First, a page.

30-06 bronze tipped cartridge

Hello again, I have a question for the knowledgeable members. I am reading the book “Alaska’s Wolf Man” by Jim Reardon. This is the life story of a very famous Alaskan named Frank Glaser. He is well known and often written about. This book is actually written by Frank and compiled by Reardon. Frank shot a lot of different cartridges and was well versed with guns and ammo. He states in several instances that he shot 145 grain bronze tipped ammo. Does anyone know who produced this load? The time frame is the early 1920’s. I don’t think it was a typo as he stated he also had 150 grain ammo. I have noticed there is some gun errors made in his accounts. Thanks

The Remington Bronze Point (originally called the Brass Point) was one of several patented hunting bullets from the pre-WW2 years. Only a few of them survived into the 1950s, the Bronze Point being one.

See my article in JOURNAL #445.



Ray’s article is a “must read” on the subject. The sectioned examples pictured tell it all.

Regarding the bullet weights, Remington in the 1920’s made the “Bronze Pointed Expanding” loads in both 150gr. and 180gr. for the .30-06. United States Cartridge Co. was competing with a 145gr. “Hollow Copper Point” around then. I would guess that could very well be the cartridge in question.

Ray’s article has a nice sectioned example of the U.S.C.Co. product shown.


Thanks for the help. I have always admired Ray’s work. I should have mentioned I am fairly familiar with Remington’s bronze points and a few of the umbrella points but had never heard of the unusual 145 grain bullets. Seems Frank may have been using US ammunition. I will check out Ray’s article. I have always enjoyed the sectioned bullets and cases. I study terminal ballistics and have collected nearly 200 bullets recovered from game.

I would submit that the 7.62 x 54mm Russian cartridge was loaded with a 145 gr. Bronze Point by Remington…


All of the other patented bullets of that time had copper tips. But, I suppose someone could have called them bronze. The U.S.C. Co. HCP bullet does look a lot like the bronze point and some collectors still get them confused to this day.

Another interesting thing is that the bronze point of that time had a CN bullet and the tip was blackened (first cartridge in my photo).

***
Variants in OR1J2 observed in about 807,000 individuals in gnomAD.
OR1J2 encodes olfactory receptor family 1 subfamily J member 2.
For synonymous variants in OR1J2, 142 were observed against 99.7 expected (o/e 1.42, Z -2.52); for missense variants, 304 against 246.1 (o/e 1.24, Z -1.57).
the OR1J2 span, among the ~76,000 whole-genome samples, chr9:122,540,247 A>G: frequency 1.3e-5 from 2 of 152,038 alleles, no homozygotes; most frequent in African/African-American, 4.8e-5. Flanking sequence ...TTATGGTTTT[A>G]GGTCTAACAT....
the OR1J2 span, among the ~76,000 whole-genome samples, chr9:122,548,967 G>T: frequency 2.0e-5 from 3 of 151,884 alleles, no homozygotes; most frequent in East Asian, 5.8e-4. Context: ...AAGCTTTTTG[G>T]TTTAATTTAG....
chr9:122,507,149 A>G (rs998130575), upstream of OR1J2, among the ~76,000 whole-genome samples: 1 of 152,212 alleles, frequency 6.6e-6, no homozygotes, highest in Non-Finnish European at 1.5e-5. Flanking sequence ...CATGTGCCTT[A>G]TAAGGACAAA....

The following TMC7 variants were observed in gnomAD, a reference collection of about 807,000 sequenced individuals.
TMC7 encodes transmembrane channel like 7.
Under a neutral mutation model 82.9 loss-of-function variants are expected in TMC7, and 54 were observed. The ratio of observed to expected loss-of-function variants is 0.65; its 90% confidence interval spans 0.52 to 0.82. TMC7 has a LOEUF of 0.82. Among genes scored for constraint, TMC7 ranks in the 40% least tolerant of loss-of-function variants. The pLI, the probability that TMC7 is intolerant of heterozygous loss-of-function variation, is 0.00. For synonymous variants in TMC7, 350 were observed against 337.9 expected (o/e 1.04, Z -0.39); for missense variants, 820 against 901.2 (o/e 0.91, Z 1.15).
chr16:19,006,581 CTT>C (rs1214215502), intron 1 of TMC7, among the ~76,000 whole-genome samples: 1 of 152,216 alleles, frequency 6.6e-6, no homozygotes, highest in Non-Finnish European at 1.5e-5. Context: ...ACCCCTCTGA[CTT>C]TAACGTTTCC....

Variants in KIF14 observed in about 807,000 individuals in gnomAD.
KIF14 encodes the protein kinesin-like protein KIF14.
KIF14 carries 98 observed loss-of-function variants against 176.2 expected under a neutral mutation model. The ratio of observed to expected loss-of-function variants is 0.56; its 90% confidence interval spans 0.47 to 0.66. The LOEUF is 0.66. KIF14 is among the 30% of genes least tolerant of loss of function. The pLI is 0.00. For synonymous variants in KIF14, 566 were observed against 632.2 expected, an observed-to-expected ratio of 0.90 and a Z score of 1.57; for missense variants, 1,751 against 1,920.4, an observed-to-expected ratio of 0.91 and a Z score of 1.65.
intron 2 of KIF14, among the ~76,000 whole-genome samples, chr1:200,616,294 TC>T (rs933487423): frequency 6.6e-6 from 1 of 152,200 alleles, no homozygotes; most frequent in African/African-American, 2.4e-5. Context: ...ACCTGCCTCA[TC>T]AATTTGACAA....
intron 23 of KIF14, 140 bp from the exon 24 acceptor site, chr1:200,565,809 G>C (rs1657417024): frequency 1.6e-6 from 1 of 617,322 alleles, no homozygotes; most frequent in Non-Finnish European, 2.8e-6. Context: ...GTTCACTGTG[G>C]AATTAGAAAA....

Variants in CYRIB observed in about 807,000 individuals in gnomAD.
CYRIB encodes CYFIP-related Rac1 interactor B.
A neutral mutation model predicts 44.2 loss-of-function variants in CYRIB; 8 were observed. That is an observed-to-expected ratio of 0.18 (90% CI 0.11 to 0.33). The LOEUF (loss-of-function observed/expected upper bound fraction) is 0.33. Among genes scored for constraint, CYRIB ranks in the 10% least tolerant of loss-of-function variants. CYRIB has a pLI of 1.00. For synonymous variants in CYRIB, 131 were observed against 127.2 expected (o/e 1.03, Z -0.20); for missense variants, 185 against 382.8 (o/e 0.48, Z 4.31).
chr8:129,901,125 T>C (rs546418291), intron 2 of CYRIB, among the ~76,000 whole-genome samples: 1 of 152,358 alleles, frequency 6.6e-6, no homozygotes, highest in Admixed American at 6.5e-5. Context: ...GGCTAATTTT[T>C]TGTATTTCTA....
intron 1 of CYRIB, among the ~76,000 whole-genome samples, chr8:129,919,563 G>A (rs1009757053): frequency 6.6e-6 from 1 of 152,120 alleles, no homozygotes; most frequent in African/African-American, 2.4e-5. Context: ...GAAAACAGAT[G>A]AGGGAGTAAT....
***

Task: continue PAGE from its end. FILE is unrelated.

Randy’s comment adds a little more to the mystery. Does Reardon’s account mention the caliber?

And if that’s not enough to chew on, there were European and UK bullets that the had the same features as the U.S. bullets.


Yes Ray the caliber was 30-06 though he used many other rifles and calibers including 220 Swift which he used on all hooved animals in Alaska including moose. He even used the Swift on grizzly bears. As mentioned he got gun details wrong. He says he bought a Winchester rifle and used it exclusively for years, ten years before the rifle was first produced. His accounts of specifically using the 30-06 and 145 grain bronze tipped bullets to shoot 13 grizzly bears. In the same sentence he mentioned he also had 150, 180 and 220 grain ammo on hand.

I don’t know exactly when Remington switched from the CN/black tip to the GM/bronze tip. But if he was using the early cartridges it would seem odd that he would call them bronze tipped bullets. But, I have seen boxes of the early cartridges that were labeled as Bronze Point Expanding, so . . .

Which brings me to a question for Remington box collectors. Has anyone seen an early box with the label “Brass Point Expanding”? I’ve never seen one.


Ray, are you sure that the early cartridge was called “Brass Point Expanding”? I’m asking because in a March 1921 article describing tests carried in 1920 at the Ordnance Test Station, Daytona Beach, Florida, this new bullet is called “Bronze Point”. Most interesting is that it is also described as having a “point dipped into gold paint for a quarter inch or so”.

Also, in the first advertisement published in May 1922 it is designated “Bronze Point Expanding”:

Regarding the CN/blackened tip vs. the GM/bronze tip, there is also a difference in their internal construction, as the early model has a cavity below the bronze wedge. Considering its long production, maybe there are more construction variations in existence.




When I was doing research for my article, I found at least 2 references to “Brass Point Expanding” bullets. They were in magazine articles such as the old Hunter/Trader/Trapper magazines that were popular in the 1920s and 1930s. But, as I said, I never found a box with that label on it. It would be interesting if someone could do a laboratory analysis of the early types to see exactly what alloy they were made of. I always thought that the sales people at Remington may have changed the name because “Bronze” sounds so much stronger and manly than “Brass”.

Yes, I noticed the different construction as the bullet changed from CN to GM. In addition to the cavity, I found some where the bronze wedge was cannelured to help hold it place. The later bronze wedges were smooth.

I have never seen or heard of any being dipped in gold paint.

In 30-06 caliber I have seen only the 150 grain and 180 grain bullets. The 150 grain often had a second cannelure to identify it.

Those old bullets, in their many varieties, are interesting. Not just the Bronze Points, but the Umbrella Points, HCPs, Protective Points, and Silver Tips as well. Add the other types, such as the bonded, belted, and hollow points, and a collector could make them a specialty on its own.


Winchester 7.62 Russian with 145-gr hollow copper points: